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Northwest Voices

Seattle Times letters to the editor

August 2, 2009 at 4:00 PM

Bag tax: Can the poor afford it?

Don’t insult the poor’s intelligence in bag-tax debate

Editor, The Times:

Central Area Motivation Program, or CAMP, opposes the 20-cent bag tax because, it says, the poor just aren’t able to remember to bring bags when they shop. The rationale? [“Who’s left holding the bag fee,” Danny Westneat’s column, July 29.] The program handed out reusable bags, told clients to bring them the next time they came and most clients returned without them. The excuses? They forgot the bags. Or someone stole their bag. Or the bag got “lost” in a move.

CAMP does tell its clients what hours it is open. CAMP doesn’t stay open all the time in case clients “forget”; if the client shows up during the closed hours, they don’t get served.

CAMP tells clients to bring their own bags, and when they forget — it gives them free food — and free plastic bags. What’s wrong with this picture? CAMP could have charged them 20 cents for a bag, told them to find some sort of a bag and return or let them figure out how to carry the food without a bag. I can guarantee clients would learn really quickly to bring their own bags.

Do these clients forget their wallets? Their shoes? Their cigarettes? No, no and no because the first time they did, they had to do without. Nobody jumped up to hand them free replacements. People learn to be responsible when there are consequences for being irresponsible.

CAMP insults the intelligence of its clients to claim that because they are poor, they aren’t able to — and shouldn’t have to — learn basic lessons in responsibility.

— Laura Billington, Maple Valley

Don’t trust coalition against the bag tax

My July 30 mail brought an expensive brochure from the so-called Coalition to Stop the Seattle Bag Tax, which, according to, is a front for the Washington Food Industry, 7-Eleven and some lobbyists for the plastic industry.

The brochure rehearsed the same insulting arguments: The tax will hurt the poor (who presumably are too stupid to buy a $1 cloth bag that will pay for itself in a week), is filled with loopholes (you prefer a stricter tax? Bring it on!) and will result in bureaucracy and cost. That’s very public-spirited of the plastics industry. Care to spend some of your money cleaning up the Pacific Trash Vortex, the continent-sized plastic dump that floats in the North Pacific? Didn’t think so.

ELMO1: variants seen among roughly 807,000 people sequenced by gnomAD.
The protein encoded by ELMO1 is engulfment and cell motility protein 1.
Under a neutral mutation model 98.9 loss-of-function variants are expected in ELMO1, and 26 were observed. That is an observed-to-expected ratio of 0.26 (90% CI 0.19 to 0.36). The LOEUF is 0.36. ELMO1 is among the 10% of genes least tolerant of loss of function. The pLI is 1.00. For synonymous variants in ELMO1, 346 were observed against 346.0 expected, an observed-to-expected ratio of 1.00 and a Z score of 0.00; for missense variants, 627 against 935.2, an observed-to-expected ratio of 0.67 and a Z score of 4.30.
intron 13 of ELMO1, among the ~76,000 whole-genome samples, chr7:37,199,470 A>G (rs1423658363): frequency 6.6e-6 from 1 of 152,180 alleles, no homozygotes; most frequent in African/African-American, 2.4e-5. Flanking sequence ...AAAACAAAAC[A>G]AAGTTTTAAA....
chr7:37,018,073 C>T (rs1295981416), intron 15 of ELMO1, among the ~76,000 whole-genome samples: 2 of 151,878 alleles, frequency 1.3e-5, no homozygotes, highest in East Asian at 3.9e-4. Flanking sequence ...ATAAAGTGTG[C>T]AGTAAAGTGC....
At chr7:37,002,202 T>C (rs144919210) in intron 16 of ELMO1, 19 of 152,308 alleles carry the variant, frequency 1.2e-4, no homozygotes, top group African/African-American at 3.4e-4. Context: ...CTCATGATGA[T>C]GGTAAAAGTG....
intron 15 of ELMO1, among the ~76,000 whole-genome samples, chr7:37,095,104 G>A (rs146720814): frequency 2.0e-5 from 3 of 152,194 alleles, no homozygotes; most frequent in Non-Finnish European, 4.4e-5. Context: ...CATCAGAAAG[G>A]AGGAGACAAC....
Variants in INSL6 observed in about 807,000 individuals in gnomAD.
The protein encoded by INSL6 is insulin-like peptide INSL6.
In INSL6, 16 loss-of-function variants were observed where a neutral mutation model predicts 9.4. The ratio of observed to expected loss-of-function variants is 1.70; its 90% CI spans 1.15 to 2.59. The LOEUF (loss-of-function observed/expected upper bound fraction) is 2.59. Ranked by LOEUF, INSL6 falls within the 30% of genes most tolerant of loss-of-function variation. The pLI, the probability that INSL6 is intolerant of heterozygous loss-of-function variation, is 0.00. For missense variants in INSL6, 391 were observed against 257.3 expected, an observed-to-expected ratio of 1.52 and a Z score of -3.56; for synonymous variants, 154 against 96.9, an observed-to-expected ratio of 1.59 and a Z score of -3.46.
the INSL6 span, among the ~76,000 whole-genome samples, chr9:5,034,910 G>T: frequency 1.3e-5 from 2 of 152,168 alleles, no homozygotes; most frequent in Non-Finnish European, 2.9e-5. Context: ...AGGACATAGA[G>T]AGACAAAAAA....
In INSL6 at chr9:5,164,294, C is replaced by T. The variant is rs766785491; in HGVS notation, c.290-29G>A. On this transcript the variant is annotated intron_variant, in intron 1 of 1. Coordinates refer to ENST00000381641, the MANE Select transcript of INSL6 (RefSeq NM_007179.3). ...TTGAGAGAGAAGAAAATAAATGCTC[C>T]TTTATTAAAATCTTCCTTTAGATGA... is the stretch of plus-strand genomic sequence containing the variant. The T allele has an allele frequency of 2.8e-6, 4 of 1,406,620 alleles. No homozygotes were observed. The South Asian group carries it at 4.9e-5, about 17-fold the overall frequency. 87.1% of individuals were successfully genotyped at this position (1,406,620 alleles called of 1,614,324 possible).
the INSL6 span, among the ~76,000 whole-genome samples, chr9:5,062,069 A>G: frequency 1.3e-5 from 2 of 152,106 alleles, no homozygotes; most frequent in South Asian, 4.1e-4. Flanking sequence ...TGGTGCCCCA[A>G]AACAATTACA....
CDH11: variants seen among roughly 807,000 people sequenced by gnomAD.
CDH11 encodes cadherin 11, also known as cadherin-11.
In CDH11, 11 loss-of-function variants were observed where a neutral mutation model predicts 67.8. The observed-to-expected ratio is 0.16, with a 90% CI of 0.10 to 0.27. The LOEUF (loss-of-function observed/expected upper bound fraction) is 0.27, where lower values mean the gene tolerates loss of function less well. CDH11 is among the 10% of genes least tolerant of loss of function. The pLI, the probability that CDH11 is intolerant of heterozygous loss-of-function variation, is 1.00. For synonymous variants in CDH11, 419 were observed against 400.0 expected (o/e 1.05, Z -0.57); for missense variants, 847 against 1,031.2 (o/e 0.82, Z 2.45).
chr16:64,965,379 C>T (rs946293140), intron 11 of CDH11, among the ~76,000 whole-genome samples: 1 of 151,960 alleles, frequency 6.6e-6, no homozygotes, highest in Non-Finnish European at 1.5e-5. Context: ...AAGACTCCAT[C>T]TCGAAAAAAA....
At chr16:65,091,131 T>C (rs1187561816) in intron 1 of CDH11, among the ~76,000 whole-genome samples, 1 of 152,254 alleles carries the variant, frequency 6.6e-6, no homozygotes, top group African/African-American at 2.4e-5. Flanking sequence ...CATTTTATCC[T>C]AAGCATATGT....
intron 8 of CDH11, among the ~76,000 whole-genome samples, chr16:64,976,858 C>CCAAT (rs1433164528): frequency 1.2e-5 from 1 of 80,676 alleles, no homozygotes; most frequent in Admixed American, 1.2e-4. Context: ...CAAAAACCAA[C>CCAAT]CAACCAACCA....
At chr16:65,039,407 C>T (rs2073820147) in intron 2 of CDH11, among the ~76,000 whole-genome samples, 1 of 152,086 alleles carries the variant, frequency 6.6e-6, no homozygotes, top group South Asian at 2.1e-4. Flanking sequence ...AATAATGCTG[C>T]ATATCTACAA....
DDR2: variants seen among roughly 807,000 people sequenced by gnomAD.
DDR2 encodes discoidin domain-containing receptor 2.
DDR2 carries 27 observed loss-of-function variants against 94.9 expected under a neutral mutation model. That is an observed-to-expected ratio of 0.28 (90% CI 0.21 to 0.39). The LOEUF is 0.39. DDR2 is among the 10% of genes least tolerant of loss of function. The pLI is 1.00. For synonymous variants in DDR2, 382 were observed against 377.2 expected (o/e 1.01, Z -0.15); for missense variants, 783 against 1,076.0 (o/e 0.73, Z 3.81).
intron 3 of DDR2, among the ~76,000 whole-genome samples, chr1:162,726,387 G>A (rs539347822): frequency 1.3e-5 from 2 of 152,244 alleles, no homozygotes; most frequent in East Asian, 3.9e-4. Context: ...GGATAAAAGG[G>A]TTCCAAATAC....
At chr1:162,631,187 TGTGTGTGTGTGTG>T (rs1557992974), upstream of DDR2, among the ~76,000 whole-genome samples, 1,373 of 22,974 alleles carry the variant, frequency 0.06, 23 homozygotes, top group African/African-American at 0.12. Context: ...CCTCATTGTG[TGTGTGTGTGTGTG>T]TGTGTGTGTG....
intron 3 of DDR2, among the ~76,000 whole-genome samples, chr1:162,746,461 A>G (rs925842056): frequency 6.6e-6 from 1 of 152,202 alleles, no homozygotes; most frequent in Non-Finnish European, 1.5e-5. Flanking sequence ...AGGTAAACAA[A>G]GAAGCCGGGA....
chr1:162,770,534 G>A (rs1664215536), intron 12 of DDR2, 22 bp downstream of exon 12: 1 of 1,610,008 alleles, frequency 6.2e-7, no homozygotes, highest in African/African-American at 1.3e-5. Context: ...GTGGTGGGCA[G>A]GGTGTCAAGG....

Please don’t be fooled by this condescending, mean-spirited, shortsighted and ultimately evil campaign. The tax is a very sensible way to gradually change the behavior of Seattle shoppers and stem the tide of garbage that we’re heaping on the Earth.

— Charles Martin, Seattle

Bag-tax opponents walking on paper-thin arguments

The thinness of the plastic industry’s argument against the grocery bag tax is now transparent. The Coalition to Stop the Seattle Bag Tax, supported by the American Chemistry Council, ran a full-page ad in The Seattle Times July 30 making four points to frighten voters.

Its observations of the 20-cent tax on bags are factual but designed to provoke an emotional reaction against taxes. The coalition implies the tax is unfair because it excludes big-box stores. But big-box stores already reduce packaging considerably more than retail stores.

The coalition’s emphasis on money that will go to hiring full-time city employees plays on antigovernment feelings, and it purposely obscures that these jobs would be to reduce garbage and promote recycling.

Finally, the coalition makes the absurd claim that because smaller stores keep the taxes, this won’t help the environment. I suppose they haven’t heard about the Eastern Garbage Patch in the North Pacific Gyre greater than the size of Texas. Or the animals that choke to death on plastic bags. Or the smothering impacts of plastic bags on coral reefs. Or carbon emissions from plastic and paper production. The list goes on and on.

— Preston Hardison, Seattle

Solutions can be found to help poor endure bag tax

In response to Danny Westneat’s column, the issue of poverty in the plastic-bag debate needs to include the desperately poor around the world who are adversely affected by the choices of North Americans.

Bags, pieces of bags and microscopic particles of bags are ingested by shellfish, fish, birds, turtles and other animals that are essential to ocean health. The poor around the world who depend on catching their food in these oceans cannot afford to have the ocean’s health compromised. They are already disproportionately affected by the damage we have done to our environment.

I truly believe all of us in Seattle, no matter what our income level, can learn a new behavior. It takes time to make a new habit a routine, but it can be done.

Clearly, more thought needs to be put into figuring out what kind of reusable bag will work best for the poor and homeless in Seattle. However, the livelihood of the poor around the world is far more important than the “inconvenience” of bringing along a reusable bag.

— Kimberly Christensen, Seattle

Comments | More in Environment, Seattle, Taxes


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